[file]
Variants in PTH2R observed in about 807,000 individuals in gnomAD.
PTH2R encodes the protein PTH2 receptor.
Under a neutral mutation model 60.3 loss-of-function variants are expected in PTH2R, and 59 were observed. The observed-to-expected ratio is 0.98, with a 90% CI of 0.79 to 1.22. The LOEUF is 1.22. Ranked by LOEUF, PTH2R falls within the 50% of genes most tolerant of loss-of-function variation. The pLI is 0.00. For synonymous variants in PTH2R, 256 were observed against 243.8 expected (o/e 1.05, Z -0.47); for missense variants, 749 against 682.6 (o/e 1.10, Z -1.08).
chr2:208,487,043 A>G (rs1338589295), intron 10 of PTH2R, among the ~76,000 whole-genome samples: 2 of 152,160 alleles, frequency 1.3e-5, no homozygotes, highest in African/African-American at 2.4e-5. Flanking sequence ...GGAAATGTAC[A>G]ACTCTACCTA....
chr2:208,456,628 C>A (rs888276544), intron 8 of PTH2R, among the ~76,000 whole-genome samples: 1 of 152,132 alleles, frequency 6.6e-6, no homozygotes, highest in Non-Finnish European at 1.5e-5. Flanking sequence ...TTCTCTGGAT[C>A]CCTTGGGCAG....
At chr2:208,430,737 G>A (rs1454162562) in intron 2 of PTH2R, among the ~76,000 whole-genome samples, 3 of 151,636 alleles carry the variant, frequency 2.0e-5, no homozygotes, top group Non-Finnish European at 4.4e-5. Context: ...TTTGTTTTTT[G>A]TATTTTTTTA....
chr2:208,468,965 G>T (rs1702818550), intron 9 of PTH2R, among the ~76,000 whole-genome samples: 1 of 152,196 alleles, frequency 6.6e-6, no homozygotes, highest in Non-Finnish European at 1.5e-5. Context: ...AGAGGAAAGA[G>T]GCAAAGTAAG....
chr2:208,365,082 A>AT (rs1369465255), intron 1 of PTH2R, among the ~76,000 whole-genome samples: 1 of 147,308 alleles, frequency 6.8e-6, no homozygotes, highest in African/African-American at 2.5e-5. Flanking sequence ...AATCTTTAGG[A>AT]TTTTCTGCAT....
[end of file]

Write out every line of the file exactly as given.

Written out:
Variants in PTH2R observed in about 807,000 individuals in gnomAD.
PTH2R encodes the protein PTH2 receptor.
Under a neutral mutation model 60.3 loss-of-function variants are expected in PTH2R, and 59 were observed. The observed-to-expected ratio is 0.98, with a 90% CI of 0.79 to 1.22. The LOEUF is 1.22. Ranked by LOEUF, PTH2R falls within the 50% of genes most tolerant of loss-of-function variation. The pLI is 0.00. For synonymous variants in PTH2R, 256 were observed against 243.8 expected (o/e 1.05, Z -0.47); for missense variants, 749 against 682.6 (o/e 1.10, Z -1.08).
chr2:208,487,043 A>G (rs1338589295), intron 10 of PTH2R, among the ~76,000 whole-genome samples: 2 of 152,160 alleles, frequency 1.3e-5, no homozygotes, highest in African/African-American at 2.4e-5. Flanking sequence ...GGAAATGTAC[A>G]ACTCTACCTA....
chr2:208,456,628 C>A (rs888276544), intron 8 of PTH2R, among the ~76,000 whole-genome samples: 1 of 152,132 alleles, frequency 6.6e-6, no homozygotes, highest in Non-Finnish European at 1.5e-5. Flanking sequence ...TTCTCTGGAT[C>A]CCTTGGGCAG....
At chr2:208,430,737 G>A (rs1454162562) in intron 2 of PTH2R, among the ~76,000 whole-genome samples, 3 of 151,636 alleles carry the variant, frequency 2.0e-5, no homozygotes, top group Non-Finnish European at 4.4e-5. Context: ...TTTGTTTTTT[G>A]TATTTTTTTA....
chr2:208,468,965 G>T (rs1702818550), intron 9 of PTH2R, among the ~76,000 whole-genome samples: 1 of 152,196 alleles, frequency 6.6e-6, no homozygotes, highest in Non-Finnish European at 1.5e-5. Context: ...AGAGGAAAGA[G>T]GCAAAGTAAG....
chr2:208,365,082 A>AT (rs1369465255), intron 1 of PTH2R, among the ~76,000 whole-genome samples: 1 of 147,308 alleles, frequency 6.8e-6, no homozygotes, highest in African/African-American at 2.5e-5. Flanking sequence ...AATCTTTAGG[A>AT]TTTTCTGCAT....